In the movie Mighty Fine, Joe Fine instructs the movers from Exodus Moving Company to be very careful with his disco ball when his family is relocating from Brooklyn, NY, to New Orleans, LA. I guess having a personal disco ball was a status symbol in 1974!
Just like the tiny mirrors on a disco ball, the movie “Mighty Fine” shows us the many different facets of a family, especially when that family is dealing with Joe Fine, portrayed by Chazz Palminteri. In an enjoyable live chat after a recent online preview of the film, Palminteri called Joe Fine a “paradox,” a man who vacillated between angry rages and being the benevolent charmer who tried to keep everyone happy.
When the Fine family, consisting of dad Joseph, mom Stella, (who spent time in hiding as a child during the Holocaust); 17-year-old Maddie, and younger sister Natalie pull up stakes and move to Louisiana in 1974, we learn that the women of the family hope this move will dilute Joe’s tendencies to angry rages. The deterioration of the financing for Joe’s business, though, revives the rage monster and it wakes up hungrier than ever.
Stepping away from the heavy topic for a moment, I have to share the fun and retro-themed joy of all the 70’s paraphernalia in this film. (I was 10 in 1974, the year in which the film is set.) Since there was a live chat occurring among all of the participant bloggers when we watched the film online, it was amusing to hear reactions ranging from, “Oh My God people once smoked inside houses!” to “Oh yeah, I can remember when we had to dial the phone using that rotary dial.”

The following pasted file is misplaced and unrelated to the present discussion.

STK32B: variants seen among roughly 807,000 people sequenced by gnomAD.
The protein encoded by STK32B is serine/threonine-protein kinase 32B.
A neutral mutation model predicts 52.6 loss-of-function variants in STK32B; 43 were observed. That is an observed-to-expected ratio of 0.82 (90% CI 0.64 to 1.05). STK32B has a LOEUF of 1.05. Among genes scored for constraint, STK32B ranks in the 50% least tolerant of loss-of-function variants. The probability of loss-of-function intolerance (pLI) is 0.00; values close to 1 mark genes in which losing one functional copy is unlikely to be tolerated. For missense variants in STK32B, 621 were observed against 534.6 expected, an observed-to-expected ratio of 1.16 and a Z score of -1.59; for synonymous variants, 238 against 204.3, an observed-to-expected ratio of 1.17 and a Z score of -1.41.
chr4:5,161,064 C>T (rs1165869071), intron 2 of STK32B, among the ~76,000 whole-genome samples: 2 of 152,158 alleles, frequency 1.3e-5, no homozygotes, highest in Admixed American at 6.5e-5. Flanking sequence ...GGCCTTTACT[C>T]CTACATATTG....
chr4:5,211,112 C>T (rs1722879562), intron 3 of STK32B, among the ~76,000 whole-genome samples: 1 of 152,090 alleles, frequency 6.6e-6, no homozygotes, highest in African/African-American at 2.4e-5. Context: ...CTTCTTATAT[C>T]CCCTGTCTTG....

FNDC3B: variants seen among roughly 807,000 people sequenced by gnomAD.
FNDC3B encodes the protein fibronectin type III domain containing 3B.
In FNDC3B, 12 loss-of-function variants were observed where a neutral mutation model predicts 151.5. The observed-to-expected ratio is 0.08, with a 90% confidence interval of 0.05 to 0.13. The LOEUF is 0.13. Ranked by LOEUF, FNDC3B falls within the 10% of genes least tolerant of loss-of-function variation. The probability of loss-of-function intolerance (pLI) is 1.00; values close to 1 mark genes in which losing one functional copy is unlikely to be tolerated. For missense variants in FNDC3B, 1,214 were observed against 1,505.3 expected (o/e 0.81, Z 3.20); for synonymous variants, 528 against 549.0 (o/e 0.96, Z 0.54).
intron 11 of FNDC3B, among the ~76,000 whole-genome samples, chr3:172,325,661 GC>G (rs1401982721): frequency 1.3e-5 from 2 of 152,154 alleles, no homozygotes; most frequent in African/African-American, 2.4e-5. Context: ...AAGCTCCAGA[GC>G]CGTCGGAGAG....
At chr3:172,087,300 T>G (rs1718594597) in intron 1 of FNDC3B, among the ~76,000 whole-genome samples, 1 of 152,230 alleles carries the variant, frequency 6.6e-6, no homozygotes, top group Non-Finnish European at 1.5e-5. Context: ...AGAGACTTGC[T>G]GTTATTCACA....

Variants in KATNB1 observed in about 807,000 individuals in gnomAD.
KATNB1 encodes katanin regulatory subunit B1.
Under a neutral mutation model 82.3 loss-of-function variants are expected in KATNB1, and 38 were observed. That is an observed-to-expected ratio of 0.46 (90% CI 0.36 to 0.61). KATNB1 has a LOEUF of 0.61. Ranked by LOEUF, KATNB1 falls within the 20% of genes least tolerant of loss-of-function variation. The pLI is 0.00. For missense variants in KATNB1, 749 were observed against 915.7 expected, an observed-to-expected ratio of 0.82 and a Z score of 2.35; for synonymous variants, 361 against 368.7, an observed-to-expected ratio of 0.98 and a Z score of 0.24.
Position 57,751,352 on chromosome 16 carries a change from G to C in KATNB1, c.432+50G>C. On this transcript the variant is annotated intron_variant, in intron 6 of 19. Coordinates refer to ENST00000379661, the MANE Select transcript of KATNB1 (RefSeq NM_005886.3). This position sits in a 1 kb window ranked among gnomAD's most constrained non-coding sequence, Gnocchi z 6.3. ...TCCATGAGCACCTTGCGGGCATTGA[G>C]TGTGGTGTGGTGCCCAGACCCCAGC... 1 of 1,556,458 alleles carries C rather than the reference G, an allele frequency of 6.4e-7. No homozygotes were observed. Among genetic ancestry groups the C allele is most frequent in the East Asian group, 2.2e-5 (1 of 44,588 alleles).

Back to the film’s “heavy topic.” It was sobering to hear all of the experiences with emotional abuse that the participant bloggers shared. Women whose mothers made courageous decisions to leave everything behind in order to get out of abusive situations; women who had been victims of abuse themselves; women who hypothesized that in 2012 Joe Fine would have had access to a mental health professional who would do a whole lot more than his family physician, who Joe convinced that the only problem was a bit of business stress.
Natalie Fine recites a poem at the end of the movie. A line from that poem stayed with me after I watched the film, as I tried to decide what to focus on for this blog. Here’s the line:
When asked about emotionally abusive parents such as Joe, Chazz Palminteri said that every parent needs to remember: “You are a mirror.”
What did Maddie see in the mirror of her mother when she tried to placate Joseph? What did both girls see when Stella made her final decision?
I hope you will consider finding out how everything ended by going to see Mighty Fine when it is released on May 25. It is only available in certain cities (sorry, Tallahassee). You can check here to see if the film is coming to a theater near you.
Here is the film trailer. (If you notice a resemblance between Andie McDowell and Rainey Qualley, who plays her older daughter, you have good reason! They are real life mother and daughter.)